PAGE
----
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Discussion Starter · #1 ·
Over the weekend I contacted Hyundai UK about the strong rumours concerning the above subject matter and put a number of questions for a early consideration, should the recall be extended to the UK.

As requested, I received an immediate acknowledgment and today additional information was received - copied below. Note the phrase ....battery system assembly replacements!

‘Hyundai Motor Company has decided to voluntarily recall certain Kona Electric, Ioniq EV, and Elec City vehicles in Korea for battery system assembly replacements. The issue is being investigated by the company, including to establish the situation in relation to the models sold with a UK specification’

My list of questions, not yet answered, included the likely Battery Warranty after such a recall. This because early production cars had a 10 year/125,000 Battery Warranty which was reduced to 10 years/100,000 for later vehicles.

That said, my main concern addressed the question of compensation for what appears likely to be a new Service Schedule for the cars effected. At the moment my Sept 2018 car requires a relatively cheap Battery Coolant change at 10 years/100,000 miles whereas I believe newer models have an extremely expensive Coolant change at 40,000 miles or 4 years, whichever soonest.
 

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Over the weekend I contacted Hyundai UK about the strong rumours concerning the above subject matter and put a number of questions for a early consideration, should the recall be extended to the UK.

As requested, I received an immediate acknowledgment and today additional information was received - copied below. Note the phrase ....battery system assembly replacements!

‘Hyundai Motor Company has decided to voluntarily recall certain Kona Electric, Ioniq EV, and Elec City vehicles in Korea for battery system assembly replacements. The issue is being investigated by the company, including to establish the situation in relation to the models sold with a UK specification’

My list of questions, not yet answered, included the likely Battery Warranty after such a recall. This because early production cars had a 10 year/125,000 Battery Warranty which was reduced to 10 years/100,000 for later vehicles.

That said, my main concern addressed the question of compensation for what appears likely to be a new Service Schedule for the cars effected. At the moment my Sept 2018 car requires a relatively cheap Battery Coolant change at 10 years/100,000 miles whereas I believe newer models have an extremely expensive Coolant change at 40,000 miles or 4 years, whichever soonest.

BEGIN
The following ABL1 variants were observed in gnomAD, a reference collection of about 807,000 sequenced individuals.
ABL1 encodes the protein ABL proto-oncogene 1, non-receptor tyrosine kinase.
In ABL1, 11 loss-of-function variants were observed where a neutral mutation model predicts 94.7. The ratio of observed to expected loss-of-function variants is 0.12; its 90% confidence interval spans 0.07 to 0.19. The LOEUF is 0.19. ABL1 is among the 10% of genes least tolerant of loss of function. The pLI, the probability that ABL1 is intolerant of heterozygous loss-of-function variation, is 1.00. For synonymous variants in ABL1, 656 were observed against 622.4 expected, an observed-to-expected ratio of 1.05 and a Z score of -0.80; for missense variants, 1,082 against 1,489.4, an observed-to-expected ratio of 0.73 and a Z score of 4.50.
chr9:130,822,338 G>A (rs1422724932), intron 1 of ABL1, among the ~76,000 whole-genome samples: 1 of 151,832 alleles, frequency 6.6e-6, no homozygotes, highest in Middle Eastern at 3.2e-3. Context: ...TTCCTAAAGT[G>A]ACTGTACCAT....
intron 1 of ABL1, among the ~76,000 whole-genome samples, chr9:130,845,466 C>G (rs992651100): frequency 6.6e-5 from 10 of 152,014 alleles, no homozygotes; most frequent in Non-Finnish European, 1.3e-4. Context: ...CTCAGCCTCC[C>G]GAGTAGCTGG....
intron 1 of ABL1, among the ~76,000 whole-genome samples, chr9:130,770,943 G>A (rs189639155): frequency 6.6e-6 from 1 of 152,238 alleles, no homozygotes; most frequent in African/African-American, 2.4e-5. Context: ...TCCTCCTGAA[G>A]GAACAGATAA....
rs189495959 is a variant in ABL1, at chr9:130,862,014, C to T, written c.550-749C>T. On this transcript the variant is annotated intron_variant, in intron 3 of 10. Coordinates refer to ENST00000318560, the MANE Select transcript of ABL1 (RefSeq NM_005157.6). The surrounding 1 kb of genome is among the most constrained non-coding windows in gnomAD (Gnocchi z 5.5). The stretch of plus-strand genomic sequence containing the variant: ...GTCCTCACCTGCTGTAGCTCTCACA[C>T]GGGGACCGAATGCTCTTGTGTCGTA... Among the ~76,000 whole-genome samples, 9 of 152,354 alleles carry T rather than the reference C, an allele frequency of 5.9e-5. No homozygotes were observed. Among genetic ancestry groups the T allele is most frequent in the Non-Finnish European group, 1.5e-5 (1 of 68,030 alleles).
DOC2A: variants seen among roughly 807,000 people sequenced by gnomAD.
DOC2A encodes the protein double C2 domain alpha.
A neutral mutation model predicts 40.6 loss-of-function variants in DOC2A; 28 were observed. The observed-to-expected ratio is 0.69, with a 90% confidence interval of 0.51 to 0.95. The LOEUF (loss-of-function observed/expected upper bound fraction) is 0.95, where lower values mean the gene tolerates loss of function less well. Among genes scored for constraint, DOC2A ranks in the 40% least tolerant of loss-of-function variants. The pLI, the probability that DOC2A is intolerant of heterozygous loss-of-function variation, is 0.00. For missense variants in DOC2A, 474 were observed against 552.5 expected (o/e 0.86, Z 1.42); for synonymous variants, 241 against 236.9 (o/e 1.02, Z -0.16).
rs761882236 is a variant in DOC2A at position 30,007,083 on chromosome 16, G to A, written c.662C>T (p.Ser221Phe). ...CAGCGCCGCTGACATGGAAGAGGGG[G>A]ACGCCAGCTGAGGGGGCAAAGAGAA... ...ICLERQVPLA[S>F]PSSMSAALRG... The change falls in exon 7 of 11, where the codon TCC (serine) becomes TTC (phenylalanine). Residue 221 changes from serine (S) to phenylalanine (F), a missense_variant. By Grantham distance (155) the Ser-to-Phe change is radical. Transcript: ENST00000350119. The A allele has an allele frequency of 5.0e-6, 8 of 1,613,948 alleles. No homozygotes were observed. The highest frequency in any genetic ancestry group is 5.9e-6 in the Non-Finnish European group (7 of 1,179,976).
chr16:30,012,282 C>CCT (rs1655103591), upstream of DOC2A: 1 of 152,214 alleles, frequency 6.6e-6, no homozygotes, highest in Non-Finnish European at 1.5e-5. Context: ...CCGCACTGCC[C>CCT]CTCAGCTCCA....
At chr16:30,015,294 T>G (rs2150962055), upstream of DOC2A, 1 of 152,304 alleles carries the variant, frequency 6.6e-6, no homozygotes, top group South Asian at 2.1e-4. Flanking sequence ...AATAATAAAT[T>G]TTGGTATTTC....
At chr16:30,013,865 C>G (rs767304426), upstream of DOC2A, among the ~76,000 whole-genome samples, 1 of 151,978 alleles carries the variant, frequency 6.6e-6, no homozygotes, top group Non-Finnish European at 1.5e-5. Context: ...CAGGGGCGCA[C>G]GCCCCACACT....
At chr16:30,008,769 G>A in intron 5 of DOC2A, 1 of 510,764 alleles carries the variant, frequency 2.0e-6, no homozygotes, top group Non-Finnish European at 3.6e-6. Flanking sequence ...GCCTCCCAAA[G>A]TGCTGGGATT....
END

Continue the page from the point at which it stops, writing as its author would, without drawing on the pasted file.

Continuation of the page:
two things:-
1/be safe, (if there is a problem.,you want it fixed safely)
2/be thankful you are dealing with an honest and competent manufacturer
 

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Good point about the coolant. I would suggest that they will have to drain the old coolant to remove the batteries? If so then I would be miffed if they did not replace using new coolant. If they use the new stuff then common sense says that if mine is replaced at 35,000 miles it does not need replacing again at 40,000 miles and if they replace like for like I will not have the car at 100,000 miles

Mine is also a September. The service book I have says the battery is warranted for 96 months / 125,000 miles.
 

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Good point about the coolant. I would suggest that they will have to drain the old coolant to remove the batteries? If so then I would be miffed if they did not replace using new coolant.
I'm certain the coolant will be drained, just like changing the engine in an ICE car.
Using the new stuff to refill is not a certainty. The old systems may not be suitable for one or more of several reasons, as well as the obvious matter of using the new adding a significant cost to the exchange.
 

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Discussion Starter · #6 · (Edited)
Mine is also a September. The service book I have says the battery is warranted for 96 months / 125,000 miles.
My bad. Fortunately I quoted the correct 96 month period in my email to Hyundai notwithstanding that my Service Book is a converted ICE one that does not mention the Battery Warranty.

I should perhaps add that when the type of Coolant was changed on newer Cars, a specific enquiry with Hyundai UK confirmed that the change would not be retrospective. This makes me think that for some reason the two types of fluid are not interchangeable.
 

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If they follow the already-documented battery replacement procedure we're not getting new coolant and it won't be updated. They'll just top it off.